In Antiquity, Gobryas was best known for the canals he had dug or repaired. Several cuneiform tablets are related to this activity, and more than six centuries later, the Roman author Pliny the Elder knew of a "prefect" named Gobares who cut a canal to protect Babylonia from the Euphrates flooding.note[Pliny the Elder, Natural history 6.120.]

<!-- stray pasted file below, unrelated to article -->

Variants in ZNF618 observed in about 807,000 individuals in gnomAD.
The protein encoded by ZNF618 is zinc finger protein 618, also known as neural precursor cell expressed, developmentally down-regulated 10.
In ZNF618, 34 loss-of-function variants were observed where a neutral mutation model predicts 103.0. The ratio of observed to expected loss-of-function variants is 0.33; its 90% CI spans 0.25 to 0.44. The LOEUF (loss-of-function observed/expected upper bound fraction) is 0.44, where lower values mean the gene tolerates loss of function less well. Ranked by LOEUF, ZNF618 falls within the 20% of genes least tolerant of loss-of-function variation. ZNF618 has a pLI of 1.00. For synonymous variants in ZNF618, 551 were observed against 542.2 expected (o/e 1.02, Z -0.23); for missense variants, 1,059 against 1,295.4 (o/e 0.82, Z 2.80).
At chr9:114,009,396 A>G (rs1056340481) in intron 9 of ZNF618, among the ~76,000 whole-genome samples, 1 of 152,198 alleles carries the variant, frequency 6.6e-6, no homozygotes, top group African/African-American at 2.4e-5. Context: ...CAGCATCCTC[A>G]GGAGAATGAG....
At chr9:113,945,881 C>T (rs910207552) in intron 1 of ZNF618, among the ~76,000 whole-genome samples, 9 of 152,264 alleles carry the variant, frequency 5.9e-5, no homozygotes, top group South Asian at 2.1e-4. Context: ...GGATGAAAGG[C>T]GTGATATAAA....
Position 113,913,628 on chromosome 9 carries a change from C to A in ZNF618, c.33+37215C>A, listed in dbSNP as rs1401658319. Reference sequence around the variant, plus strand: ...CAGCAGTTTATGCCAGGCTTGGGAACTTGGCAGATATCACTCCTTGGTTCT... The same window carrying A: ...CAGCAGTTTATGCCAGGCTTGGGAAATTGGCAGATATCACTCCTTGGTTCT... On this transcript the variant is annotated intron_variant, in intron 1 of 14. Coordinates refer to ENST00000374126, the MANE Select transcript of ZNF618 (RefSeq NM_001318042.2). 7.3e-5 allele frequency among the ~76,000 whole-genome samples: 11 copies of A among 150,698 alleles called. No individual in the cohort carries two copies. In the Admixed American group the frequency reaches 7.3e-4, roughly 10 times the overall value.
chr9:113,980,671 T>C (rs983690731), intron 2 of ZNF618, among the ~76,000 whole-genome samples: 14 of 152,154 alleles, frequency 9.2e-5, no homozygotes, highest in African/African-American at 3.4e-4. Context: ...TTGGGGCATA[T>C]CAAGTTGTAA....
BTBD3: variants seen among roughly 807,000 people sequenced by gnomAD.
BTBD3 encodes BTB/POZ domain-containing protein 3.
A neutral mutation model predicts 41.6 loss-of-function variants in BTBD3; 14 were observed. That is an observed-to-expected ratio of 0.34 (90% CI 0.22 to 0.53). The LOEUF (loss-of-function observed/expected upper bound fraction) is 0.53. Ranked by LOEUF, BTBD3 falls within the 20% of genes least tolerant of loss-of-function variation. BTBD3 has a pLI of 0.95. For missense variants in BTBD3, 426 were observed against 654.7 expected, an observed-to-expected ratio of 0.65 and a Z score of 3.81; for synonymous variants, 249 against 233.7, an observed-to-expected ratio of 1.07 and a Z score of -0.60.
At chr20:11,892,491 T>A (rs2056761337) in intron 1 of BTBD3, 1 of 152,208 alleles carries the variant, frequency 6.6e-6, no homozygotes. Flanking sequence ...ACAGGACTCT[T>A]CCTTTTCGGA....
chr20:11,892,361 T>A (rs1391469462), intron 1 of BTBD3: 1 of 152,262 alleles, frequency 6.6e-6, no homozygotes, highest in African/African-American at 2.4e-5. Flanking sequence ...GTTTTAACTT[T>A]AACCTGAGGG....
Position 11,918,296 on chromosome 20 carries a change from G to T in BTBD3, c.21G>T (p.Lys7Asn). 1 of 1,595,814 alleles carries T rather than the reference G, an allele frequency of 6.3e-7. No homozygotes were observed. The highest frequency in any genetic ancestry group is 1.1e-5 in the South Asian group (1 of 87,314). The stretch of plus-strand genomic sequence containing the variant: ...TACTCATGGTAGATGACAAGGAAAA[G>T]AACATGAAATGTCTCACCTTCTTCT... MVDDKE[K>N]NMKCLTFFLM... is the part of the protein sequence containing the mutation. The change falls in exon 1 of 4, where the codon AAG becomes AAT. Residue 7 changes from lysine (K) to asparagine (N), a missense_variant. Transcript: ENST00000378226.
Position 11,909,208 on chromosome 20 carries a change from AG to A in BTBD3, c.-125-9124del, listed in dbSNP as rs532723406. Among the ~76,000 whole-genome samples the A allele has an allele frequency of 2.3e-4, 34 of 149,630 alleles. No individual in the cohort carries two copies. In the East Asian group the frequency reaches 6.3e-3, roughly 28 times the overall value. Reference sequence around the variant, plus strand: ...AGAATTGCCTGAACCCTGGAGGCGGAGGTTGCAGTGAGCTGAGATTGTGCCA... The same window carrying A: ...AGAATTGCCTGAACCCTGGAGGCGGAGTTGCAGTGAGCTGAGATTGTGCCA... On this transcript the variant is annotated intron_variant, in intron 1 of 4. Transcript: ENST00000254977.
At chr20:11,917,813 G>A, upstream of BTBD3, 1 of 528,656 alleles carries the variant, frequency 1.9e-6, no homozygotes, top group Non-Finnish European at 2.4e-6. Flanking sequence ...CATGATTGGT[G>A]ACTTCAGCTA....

It is unclear whether Gobryas was still alive in the eventful year 522, when Gaumâta seized power in the Achaemenid empire, Cambyses died, Darius killed Gaumâta and became king, and the Babylonians revolted against their Persian overlords under their new king Nidintu-Bêl. Maybe Gobryas was killed during this rebellion.
Gobryas had a son Nabûgu.